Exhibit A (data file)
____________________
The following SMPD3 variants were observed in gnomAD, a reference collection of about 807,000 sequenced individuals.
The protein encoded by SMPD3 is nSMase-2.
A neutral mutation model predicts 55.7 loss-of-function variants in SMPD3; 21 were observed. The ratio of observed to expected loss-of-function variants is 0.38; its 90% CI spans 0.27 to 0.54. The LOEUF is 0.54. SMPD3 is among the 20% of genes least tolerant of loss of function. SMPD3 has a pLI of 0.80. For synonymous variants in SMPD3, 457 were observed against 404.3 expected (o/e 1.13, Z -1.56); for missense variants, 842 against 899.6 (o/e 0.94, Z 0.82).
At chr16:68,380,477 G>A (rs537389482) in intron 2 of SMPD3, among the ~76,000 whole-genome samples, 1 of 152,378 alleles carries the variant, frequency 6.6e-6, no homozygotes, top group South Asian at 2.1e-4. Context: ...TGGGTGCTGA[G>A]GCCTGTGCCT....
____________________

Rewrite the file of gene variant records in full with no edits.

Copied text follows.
The following SMPD3 variants were observed in gnomAD, a reference collection of about 807,000 sequenced individuals.
The protein encoded by SMPD3 is nSMase-2.
A neutral mutation model predicts 55.7 loss-of-function variants in SMPD3; 21 were observed. The ratio of observed to expected loss-of-function variants is 0.38; its 90% CI spans 0.27 to 0.54. The LOEUF is 0.54. SMPD3 is among the 20% of genes least tolerant of loss of function. SMPD3 has a pLI of 0.80. For synonymous variants in SMPD3, 457 were observed against 404.3 expected (o/e 1.13, Z -1.56); for missense variants, 842 against 899.6 (o/e 0.94, Z 0.82).
At chr16:68,380,477 G>A (rs537389482) in intron 2 of SMPD3, among the ~76,000 whole-genome samples, 1 of 152,378 alleles carries the variant, frequency 6.6e-6, no homozygotes, top group South Asian at 2.1e-4. Context: ...TGGGTGCTGA[G>A]GCCTGTGCCT....